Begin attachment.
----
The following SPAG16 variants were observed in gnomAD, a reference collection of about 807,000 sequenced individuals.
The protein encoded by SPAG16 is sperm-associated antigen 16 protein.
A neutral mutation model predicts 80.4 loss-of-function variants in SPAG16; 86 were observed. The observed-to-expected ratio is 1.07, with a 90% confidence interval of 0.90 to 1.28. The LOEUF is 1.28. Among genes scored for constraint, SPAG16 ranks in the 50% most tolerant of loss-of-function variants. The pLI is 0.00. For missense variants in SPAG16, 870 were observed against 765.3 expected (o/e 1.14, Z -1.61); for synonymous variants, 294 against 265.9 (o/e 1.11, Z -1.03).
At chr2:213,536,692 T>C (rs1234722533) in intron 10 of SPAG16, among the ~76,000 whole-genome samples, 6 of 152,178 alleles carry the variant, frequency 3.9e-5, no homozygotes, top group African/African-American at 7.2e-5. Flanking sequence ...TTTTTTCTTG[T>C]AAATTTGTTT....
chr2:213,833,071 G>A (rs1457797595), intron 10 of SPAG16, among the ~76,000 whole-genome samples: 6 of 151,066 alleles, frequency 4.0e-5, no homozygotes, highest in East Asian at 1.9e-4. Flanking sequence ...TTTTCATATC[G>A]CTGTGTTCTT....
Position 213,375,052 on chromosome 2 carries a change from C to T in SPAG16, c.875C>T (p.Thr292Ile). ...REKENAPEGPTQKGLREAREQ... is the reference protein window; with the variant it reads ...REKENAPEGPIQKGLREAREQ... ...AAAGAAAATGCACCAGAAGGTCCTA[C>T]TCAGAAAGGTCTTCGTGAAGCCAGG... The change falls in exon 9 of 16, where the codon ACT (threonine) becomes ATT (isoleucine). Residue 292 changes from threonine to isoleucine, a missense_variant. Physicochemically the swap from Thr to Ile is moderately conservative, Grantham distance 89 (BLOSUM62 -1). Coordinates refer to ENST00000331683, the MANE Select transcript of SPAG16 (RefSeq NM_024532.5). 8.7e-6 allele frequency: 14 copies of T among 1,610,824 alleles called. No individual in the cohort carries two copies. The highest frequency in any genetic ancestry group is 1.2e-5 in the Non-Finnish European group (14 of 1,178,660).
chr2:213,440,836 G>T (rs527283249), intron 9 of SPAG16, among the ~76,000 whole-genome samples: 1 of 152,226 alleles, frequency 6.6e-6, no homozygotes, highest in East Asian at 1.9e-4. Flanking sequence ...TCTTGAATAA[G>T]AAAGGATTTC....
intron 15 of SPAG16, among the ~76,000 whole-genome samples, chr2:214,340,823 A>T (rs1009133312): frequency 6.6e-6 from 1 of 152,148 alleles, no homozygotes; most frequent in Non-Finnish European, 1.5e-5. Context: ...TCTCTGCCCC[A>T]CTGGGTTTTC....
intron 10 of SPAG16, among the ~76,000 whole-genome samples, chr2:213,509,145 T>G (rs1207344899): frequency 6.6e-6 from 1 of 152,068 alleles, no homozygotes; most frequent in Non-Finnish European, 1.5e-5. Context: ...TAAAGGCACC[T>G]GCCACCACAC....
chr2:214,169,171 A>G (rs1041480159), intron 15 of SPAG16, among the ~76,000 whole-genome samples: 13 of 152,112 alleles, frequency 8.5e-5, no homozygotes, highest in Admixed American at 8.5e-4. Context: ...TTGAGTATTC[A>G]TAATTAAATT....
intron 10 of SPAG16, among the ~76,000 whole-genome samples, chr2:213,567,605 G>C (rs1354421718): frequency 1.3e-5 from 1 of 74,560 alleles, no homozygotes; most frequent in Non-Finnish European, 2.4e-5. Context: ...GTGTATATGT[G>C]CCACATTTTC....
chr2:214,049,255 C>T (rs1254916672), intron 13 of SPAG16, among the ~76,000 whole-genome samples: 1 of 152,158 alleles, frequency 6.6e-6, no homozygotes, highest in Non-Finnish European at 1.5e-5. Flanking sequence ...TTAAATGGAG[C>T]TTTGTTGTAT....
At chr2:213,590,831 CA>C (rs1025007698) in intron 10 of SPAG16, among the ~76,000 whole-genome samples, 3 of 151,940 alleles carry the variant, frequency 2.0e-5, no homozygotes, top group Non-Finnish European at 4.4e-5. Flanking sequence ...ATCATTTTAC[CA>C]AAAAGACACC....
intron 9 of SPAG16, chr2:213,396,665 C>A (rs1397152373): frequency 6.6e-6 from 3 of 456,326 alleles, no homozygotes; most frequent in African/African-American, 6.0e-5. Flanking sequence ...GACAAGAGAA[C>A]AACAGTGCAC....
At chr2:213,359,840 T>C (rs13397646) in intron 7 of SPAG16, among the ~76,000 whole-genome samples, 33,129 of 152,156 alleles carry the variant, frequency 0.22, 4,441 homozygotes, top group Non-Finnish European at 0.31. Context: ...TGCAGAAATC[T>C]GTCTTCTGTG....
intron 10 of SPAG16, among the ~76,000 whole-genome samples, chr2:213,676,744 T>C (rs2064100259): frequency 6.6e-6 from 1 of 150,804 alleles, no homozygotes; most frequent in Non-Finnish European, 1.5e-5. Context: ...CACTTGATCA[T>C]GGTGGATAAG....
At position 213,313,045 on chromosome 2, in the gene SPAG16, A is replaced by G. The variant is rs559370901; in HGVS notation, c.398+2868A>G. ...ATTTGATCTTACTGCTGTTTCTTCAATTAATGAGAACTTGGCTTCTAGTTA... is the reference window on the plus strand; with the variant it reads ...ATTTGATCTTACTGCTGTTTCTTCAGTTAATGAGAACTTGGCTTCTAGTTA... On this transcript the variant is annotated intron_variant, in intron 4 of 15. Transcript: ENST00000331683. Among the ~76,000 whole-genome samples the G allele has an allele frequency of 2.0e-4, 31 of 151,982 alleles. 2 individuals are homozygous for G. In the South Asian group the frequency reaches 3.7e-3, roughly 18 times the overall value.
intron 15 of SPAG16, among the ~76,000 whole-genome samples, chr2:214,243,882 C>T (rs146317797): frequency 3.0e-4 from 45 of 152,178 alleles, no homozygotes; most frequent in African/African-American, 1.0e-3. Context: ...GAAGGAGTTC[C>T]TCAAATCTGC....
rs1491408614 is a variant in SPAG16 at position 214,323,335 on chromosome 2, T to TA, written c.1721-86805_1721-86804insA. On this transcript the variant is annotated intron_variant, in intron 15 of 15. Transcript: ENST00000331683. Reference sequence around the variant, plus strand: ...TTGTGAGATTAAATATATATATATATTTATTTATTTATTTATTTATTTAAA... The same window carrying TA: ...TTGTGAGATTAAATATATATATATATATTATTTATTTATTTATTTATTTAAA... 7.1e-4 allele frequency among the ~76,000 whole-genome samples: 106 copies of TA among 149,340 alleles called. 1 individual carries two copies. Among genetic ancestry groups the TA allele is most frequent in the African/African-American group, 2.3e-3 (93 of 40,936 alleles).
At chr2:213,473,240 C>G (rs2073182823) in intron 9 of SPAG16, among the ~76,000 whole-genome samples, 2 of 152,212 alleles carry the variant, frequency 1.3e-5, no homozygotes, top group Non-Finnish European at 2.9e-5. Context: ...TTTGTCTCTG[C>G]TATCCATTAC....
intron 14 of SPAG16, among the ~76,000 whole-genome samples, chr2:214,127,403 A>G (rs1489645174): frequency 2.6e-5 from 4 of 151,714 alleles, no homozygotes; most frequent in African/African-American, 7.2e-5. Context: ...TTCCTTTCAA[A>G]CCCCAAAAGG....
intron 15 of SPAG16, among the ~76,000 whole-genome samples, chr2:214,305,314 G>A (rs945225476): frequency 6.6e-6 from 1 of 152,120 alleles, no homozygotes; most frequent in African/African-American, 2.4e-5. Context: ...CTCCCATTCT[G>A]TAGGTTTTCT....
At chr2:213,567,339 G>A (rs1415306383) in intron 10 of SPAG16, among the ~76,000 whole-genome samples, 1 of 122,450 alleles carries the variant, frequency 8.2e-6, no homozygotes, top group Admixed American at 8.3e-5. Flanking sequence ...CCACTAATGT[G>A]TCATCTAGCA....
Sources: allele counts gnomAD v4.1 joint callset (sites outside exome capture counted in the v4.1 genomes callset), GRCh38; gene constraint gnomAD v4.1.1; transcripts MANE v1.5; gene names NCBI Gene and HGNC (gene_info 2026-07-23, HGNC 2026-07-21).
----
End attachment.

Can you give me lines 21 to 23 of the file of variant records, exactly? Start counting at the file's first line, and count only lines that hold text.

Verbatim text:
intron 14 of SPAG16, among the ~76,000 whole-genome samples, chr2:214,127,403 A>G (rs1489645174): frequency 2.6e-5 from 4 of 151,714 alleles, no homozygotes; most frequent in African/African-American, 7.2e-5. Context: ...TTCCTTTCAA[A>G]CCCCAAAAGG....
intron 15 of SPAG16, among the ~76,000 whole-genome samples, chr2:214,305,314 G>A (rs945225476): frequency 6.6e-6 from 1 of 152,120 alleles, no homozygotes; most frequent in African/African-American, 2.4e-5. Context: ...CTCCCATTCT[G>A]TAGGTTTTCT....
At chr2:213,567,339 G>A (rs1415306383) in intron 10 of SPAG16, among the ~76,000 whole-genome samples, 1 of 122,450 alleles carries the variant, frequency 8.2e-6, no homozygotes, top group Admixed American at 8.3e-5. Flanking sequence ...CCACTAATGT[G>A]TCATCTAGCA....